I was recently reminded of a series of commercials that ran for the American beer Michelob Lite in the 1980s. Based around the syrupy jingle “Who says you can’t have it all?”, the spots showed a certain demographic, at the time called “yuppies”, who supposedly did have the whole enchilada. As Hugh MacLeod points outs in his humorous, “do-the-work-you-love” book Evil Plans:
The campaign for Michelob Lite beer tritely asked the question “Who says you can’t love your work and leave it too?” as a sly substitute for the question “Who says you can’t get great, satisfying taste in a beer that also happens to be kind of light and watery.”
Some of the other themes in the campaign included the head-scratching "Who says you can't be somebody and still be you?" as well as the paean to lost youth "Who says you can't have pinstripes and rock and roll?" The answer in every case was an emphatic “Oh yes you can!” (You can check out one of the commercials here.)
The “Who says you can’t have it all?” ad campaign only had a shelf-life of about a year and in hindsight it’s not hard to see why. At its core, the brand was making a statement that’s just not believable. In beer, as in life, there are usually trade-offs involved. And while a beer with less calories may be a good thirst quencher, it probably doesn’t qualify as “a super premium beer”, as Michelob Lite liked to refer to itself.
Today, there are more than few brands who exhibit this same “over-promise, under deliver” behavior (I’m talking to you, banking sector). But there are several companies and brands that are doing an excellent job of nailing down their own unique market positioning by promoting a product benefit that resonates and separates them from their competitors. A few examples:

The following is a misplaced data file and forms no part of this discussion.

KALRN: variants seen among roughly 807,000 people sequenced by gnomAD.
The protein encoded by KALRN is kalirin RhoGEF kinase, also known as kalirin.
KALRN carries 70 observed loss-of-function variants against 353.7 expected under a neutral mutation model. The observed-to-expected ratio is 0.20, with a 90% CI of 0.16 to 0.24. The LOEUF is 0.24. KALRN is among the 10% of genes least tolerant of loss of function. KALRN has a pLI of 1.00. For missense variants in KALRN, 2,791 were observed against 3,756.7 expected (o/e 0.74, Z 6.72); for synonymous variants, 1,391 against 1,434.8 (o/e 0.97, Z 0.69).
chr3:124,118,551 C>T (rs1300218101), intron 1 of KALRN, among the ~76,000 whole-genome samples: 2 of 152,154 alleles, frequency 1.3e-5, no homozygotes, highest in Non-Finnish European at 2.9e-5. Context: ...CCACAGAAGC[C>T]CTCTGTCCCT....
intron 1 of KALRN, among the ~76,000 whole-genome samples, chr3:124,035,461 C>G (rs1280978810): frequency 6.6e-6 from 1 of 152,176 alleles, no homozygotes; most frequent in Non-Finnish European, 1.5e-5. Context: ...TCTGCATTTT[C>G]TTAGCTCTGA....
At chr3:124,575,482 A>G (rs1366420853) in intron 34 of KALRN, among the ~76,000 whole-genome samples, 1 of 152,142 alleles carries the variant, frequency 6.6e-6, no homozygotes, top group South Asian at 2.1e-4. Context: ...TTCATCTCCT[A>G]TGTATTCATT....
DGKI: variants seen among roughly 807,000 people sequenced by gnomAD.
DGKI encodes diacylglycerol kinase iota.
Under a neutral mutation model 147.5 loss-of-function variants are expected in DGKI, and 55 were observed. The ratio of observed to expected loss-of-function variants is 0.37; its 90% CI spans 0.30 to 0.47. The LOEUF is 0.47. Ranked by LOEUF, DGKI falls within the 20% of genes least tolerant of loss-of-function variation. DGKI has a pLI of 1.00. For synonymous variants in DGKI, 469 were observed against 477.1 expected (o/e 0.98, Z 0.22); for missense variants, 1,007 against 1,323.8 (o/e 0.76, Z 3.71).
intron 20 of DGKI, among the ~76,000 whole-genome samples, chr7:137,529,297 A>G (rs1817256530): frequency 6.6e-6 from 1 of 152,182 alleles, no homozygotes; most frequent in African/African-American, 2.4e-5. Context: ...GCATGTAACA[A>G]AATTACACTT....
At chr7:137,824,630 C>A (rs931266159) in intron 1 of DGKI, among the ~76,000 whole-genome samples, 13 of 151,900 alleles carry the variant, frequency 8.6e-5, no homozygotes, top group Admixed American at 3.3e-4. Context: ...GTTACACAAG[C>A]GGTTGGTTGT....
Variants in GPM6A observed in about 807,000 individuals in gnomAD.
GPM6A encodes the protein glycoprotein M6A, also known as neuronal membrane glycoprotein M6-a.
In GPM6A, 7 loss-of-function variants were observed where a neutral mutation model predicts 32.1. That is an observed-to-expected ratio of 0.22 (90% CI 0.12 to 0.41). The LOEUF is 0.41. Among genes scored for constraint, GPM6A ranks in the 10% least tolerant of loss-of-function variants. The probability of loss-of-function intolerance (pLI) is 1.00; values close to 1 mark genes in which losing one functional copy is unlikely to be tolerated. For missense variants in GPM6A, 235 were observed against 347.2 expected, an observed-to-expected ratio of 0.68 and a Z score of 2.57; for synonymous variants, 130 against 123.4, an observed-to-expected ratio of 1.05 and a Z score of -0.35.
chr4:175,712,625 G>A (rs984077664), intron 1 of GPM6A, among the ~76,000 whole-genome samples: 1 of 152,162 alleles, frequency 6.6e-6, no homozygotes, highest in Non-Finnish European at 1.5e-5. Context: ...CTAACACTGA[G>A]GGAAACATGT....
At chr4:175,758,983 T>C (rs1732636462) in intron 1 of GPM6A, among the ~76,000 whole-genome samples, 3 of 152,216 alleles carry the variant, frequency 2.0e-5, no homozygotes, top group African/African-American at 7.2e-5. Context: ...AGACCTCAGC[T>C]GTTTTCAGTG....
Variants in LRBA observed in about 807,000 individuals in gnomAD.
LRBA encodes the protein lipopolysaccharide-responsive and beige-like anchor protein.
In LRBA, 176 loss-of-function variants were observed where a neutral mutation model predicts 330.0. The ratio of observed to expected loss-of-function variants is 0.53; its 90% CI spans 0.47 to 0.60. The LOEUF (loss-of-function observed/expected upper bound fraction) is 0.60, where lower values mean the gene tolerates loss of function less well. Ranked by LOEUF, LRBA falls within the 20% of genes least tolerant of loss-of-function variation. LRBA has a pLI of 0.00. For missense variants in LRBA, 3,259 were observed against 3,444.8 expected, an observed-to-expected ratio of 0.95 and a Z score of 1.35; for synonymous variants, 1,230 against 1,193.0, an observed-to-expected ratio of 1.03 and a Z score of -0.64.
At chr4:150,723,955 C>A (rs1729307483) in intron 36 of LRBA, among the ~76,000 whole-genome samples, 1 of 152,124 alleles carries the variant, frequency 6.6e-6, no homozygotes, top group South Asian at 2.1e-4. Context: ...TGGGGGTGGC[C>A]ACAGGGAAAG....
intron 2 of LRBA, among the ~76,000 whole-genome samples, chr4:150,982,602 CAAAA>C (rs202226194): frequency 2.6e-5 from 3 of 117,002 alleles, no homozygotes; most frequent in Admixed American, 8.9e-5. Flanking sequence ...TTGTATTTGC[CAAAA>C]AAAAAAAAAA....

*Wendy’s. I’m the opposite of a fast food fan, but I’m almost tempted to stop by a Wendy’s. Their new ad campaign is centered around what’s called “Wendy’s Way” with an emphasis on high quality ingredients. Check out their nifty Web site where you can tour a picturesque 3-D farmland that brings to life the Wendy’s point of difference. Does Burger King or McDonald’s use the same fresh ingredients? Probably. But for now at least, Wendy’s has seized and owns the “fresh” mantle.
*Apple. I’ve seen several of the new “genius” commercials, and I’m less than impressed, as are the critics. After years of superior advertising, Apple has put out a series of corny slice-of-life spots about an employee from their “Genius Bar” assisting customers in need. Yet, while the execution feels very Dell/Best Buy-ish, they do point out a huge point-of-difference that Apple has over these competitors—they offer great customer service from helpful employees who really know their stuff.
*Meijer’s. In the supermarket category, I could tell you about the superior shopping experience and quality of a Whole Foods or Wegman’s. But instead I’d like to talk about convenience. As reported by the Zing! blog, the Meijer chain has set up a radical new way to redeem coupons. Open an account at their m-rewards Web site and you can enter all the coupons you want online before you go to the store. Then, just enter your mobile phone number at check-out and “your coupons will be miraculously applied to your purchase”. It’s a frictionless way to pass along savings, without all the clipping and paperwork.
One final note on Michelob Lite. While their “You can’t have it all” spots failed, so has virtually every other campaign they’ve tried over the years. (Remember, “Light up the night”? I didn’t think so.) I’ll again let Hugh MacLeod weigh in on this less than successful brand:
“Twenty-plus years after declaring their ability to be all things to all people, that brand is still struggling, trying to be something—anything—other than unexceptional.”
What about the companies, brands and loyalty programs you work for and with: Do they offer a real point-of-difference? Do your customers see them as exceptional?